Some say volatility, rather than debt, is the best way to think about risk as an investor, but Warren Buffett famously said that 'Volatility is far from synonymous with risk.' It's only natural to consider a company's balance sheet when you examine how risky it is, since debt is often involved when a business collapses. Importantly, IG Design Group plc (LON:IGR) does carry debt. But the more important question is: how much risk is that debt creating?
What Risk Does Debt Bring?
Debt is a tool to help businesses grow, but if a business is incapable of paying off its lenders, then it exists at their mercy. Part and parcel of capitalism is the process of 'creative destruction' where failed businesses are mercilessly liquidated by their bankers. However, a more frequent (but still costly) occurrence is where a company must issue shares at bargain-basement prices, permanently diluting shareholders, just to shore up its balance sheet. By replacing dilution, though, debt can be an extremely good tool for businesses that need capital to invest in growth at high rates of return. When we think about a company's use of debt, we first look at cash and debt together.
How Much Debt Does IG Design Group Carry?
You can click the graphic below for the historical numbers, but it shows that as of March 2021 IG Design Group had US$56.6m of debt, an increase on US$30.8m, over one year. However, it does have US$132.8m in cash offsetting this, leading to net cash of US$76.2m.
How Healthy Is IG Design Group's Balance Sheet?
Zooming in on the latest balance sheet data, we can see that IG Design Group had liabilities of US$252.9m due within 12 months and liabilities of US$118.3m due beyond that. On the other hand, it had cash of US$132.8m and US$118.5m worth of receivables due within a year. So its liabilities outweigh the sum of its cash and (near-term) receivables by US$120.0m.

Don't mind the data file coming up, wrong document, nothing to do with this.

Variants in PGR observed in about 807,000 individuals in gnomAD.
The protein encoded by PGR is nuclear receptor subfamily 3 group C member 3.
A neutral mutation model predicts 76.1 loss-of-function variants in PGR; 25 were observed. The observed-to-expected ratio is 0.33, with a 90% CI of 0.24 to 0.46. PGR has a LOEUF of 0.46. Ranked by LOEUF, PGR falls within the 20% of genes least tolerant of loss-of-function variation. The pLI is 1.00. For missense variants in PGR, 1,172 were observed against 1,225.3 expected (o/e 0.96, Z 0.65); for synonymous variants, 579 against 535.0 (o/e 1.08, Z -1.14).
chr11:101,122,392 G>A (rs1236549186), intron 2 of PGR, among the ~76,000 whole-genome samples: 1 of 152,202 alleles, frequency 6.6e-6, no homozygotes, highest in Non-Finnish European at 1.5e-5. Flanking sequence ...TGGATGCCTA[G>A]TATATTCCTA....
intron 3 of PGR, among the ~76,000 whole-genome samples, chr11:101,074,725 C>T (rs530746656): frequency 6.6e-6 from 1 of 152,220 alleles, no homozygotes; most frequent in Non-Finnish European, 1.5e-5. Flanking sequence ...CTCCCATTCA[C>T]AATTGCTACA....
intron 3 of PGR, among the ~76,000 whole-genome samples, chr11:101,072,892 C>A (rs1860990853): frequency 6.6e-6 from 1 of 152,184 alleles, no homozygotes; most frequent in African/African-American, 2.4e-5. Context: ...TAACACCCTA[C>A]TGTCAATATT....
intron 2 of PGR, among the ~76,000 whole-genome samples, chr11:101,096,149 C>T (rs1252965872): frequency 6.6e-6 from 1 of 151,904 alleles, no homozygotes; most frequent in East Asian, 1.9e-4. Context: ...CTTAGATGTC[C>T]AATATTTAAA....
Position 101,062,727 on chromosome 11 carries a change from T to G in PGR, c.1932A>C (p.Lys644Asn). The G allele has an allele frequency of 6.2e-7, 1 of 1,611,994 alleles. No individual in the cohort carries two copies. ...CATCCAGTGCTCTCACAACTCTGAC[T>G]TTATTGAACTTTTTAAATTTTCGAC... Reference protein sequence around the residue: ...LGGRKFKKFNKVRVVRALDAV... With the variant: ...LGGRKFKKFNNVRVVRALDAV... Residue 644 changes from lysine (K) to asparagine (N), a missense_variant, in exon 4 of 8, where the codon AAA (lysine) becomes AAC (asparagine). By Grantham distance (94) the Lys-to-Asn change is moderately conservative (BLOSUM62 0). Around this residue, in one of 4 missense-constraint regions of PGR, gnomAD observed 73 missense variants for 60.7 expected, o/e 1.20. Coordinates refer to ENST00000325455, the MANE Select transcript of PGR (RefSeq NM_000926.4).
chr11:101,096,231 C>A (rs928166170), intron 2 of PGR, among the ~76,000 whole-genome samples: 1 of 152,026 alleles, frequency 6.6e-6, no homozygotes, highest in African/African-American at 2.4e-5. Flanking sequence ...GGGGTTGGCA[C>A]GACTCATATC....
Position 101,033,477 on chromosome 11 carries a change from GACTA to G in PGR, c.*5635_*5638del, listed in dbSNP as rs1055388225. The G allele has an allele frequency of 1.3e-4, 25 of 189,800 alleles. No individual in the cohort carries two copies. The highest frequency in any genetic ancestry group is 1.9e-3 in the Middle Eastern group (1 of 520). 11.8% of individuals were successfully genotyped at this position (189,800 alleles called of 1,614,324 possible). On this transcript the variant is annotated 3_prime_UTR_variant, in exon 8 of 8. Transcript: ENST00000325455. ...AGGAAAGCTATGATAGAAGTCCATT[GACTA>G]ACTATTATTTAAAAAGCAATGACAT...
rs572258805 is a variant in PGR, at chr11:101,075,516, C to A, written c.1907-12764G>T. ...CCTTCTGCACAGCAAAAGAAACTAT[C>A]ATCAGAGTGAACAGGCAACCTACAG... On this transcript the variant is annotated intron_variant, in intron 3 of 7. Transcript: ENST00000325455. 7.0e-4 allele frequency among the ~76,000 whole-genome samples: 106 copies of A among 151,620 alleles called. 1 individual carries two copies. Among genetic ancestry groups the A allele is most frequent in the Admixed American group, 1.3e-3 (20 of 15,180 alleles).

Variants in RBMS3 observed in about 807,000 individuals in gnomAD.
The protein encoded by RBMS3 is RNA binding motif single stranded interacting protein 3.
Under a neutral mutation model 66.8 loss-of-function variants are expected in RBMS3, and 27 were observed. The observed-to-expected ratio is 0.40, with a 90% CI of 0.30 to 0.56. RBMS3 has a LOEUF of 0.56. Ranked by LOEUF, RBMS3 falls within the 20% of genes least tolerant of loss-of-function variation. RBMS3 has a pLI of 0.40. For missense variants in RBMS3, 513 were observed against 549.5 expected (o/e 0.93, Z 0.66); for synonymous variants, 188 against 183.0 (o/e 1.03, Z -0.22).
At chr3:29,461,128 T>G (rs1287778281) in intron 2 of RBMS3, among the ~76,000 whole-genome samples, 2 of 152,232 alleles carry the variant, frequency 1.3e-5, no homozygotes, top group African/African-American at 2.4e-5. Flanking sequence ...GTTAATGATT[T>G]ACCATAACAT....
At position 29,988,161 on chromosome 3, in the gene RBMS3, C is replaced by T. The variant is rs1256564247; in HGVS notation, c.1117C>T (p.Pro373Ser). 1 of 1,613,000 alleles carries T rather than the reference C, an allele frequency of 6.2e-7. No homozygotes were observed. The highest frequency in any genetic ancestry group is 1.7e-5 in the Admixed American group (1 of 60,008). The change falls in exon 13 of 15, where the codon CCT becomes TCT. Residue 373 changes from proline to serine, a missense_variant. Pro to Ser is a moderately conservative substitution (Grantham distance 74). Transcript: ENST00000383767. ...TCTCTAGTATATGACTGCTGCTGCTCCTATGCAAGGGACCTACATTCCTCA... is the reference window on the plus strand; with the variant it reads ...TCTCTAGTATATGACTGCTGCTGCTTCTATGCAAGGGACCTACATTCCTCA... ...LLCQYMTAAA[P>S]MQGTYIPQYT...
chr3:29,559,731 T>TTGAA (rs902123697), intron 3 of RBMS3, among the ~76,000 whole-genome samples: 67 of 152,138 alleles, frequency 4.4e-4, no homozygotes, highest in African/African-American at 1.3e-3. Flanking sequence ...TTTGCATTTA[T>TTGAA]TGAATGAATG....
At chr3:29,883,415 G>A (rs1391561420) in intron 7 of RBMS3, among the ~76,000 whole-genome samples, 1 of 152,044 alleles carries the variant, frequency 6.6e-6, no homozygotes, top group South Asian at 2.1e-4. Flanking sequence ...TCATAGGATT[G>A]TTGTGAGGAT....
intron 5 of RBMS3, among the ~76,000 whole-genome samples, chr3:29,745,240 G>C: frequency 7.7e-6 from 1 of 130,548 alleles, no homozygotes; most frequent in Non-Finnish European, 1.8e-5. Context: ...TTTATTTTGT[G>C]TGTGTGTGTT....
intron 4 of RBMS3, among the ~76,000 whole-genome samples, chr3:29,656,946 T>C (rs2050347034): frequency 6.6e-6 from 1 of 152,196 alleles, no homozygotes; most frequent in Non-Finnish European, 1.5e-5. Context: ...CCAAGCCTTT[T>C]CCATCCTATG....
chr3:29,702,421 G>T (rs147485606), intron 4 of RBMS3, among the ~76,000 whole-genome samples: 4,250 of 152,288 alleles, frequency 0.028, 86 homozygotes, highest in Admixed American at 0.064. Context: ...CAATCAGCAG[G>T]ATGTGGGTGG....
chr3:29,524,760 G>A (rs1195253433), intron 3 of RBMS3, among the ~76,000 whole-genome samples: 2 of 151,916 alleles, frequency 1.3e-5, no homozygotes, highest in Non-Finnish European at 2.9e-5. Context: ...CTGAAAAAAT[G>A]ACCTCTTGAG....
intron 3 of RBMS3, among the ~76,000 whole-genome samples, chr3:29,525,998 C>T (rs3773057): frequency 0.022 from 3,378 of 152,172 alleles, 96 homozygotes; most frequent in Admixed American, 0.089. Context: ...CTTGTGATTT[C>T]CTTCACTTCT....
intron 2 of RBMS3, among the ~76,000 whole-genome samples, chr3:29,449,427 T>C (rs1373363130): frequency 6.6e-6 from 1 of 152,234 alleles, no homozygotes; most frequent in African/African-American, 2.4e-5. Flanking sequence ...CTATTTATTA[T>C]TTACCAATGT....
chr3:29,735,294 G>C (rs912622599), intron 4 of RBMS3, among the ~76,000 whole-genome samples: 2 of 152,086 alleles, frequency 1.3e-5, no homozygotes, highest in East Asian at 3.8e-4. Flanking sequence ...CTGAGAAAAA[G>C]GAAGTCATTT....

Since publicly traded IG Design Group shares are worth a total of US$718.7m, it seems unlikely that this level of liabilities would be a major threat. Having said that, it's clear that we should continue to monitor its balance sheet, lest it change for the worse. While it does have liabilities worth noting, IG Design Group also has more cash than debt, so we're pretty confident it can manage its debt safely.
IG Design Group grew its EBIT by 3.8% in the last year. That's far from incredible but it is a good thing, when it comes to paying off debt. When analysing debt levels, the balance sheet is the obvious place to start. But it is future earnings, more than anything, that will determine IG Design Group's ability to maintain a healthy balance sheet going forward. So if you want to see what the professionals think, you might find this free report on analyst profit forecasts to be interesting.
Finally, a business needs free cash flow to pay off debt; accounting profits just don't cut it. While IG Design Group has net cash on its balance sheet, it's still worth taking a look at its ability to convert earnings before interest and tax (EBIT) to free cash flow, to help us understand how quickly it is building (or eroding) that cash balance. Happily for any shareholders, IG Design Group actually produced more free cash flow than EBIT over the last three years. There's nothing better than incoming cash when it comes to staying in your lenders' good graces.
While IG Design Group does have more liabilities than liquid assets, it also has net cash of US$76.2m. The cherry on top was that in converted 119% of that EBIT to free cash flow, bringing in US$56m. So we are not troubled with IG Design Group's debt use. The balance sheet is clearly the area to focus on when you are analysing debt. However, not all investment risk resides within the balance sheet - far from it. For instance, we've identified 3 warning signs for IG Design Group that you should be aware of.
When all is said and done, sometimes its easier to focus on companies that don't even need debt. Readers can access a list of growth stocks with zero net debt 100% free, right now.
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This article by Simply Wall St is general in nature. We provide commentary based on historical data and analyst forecasts only using an unbiased methodology and our articles are not intended to be financial advice. It does not constitute a recommendation to buy or sell any stock, and does not take account of your objectives, or your financial situation. We aim to bring you long-term focused analysis driven by fundamental data. Note that our analysis may not factor in the latest price-sensitive company announcements or qualitative material. Simply Wall St has no position in any stocks mentioned.
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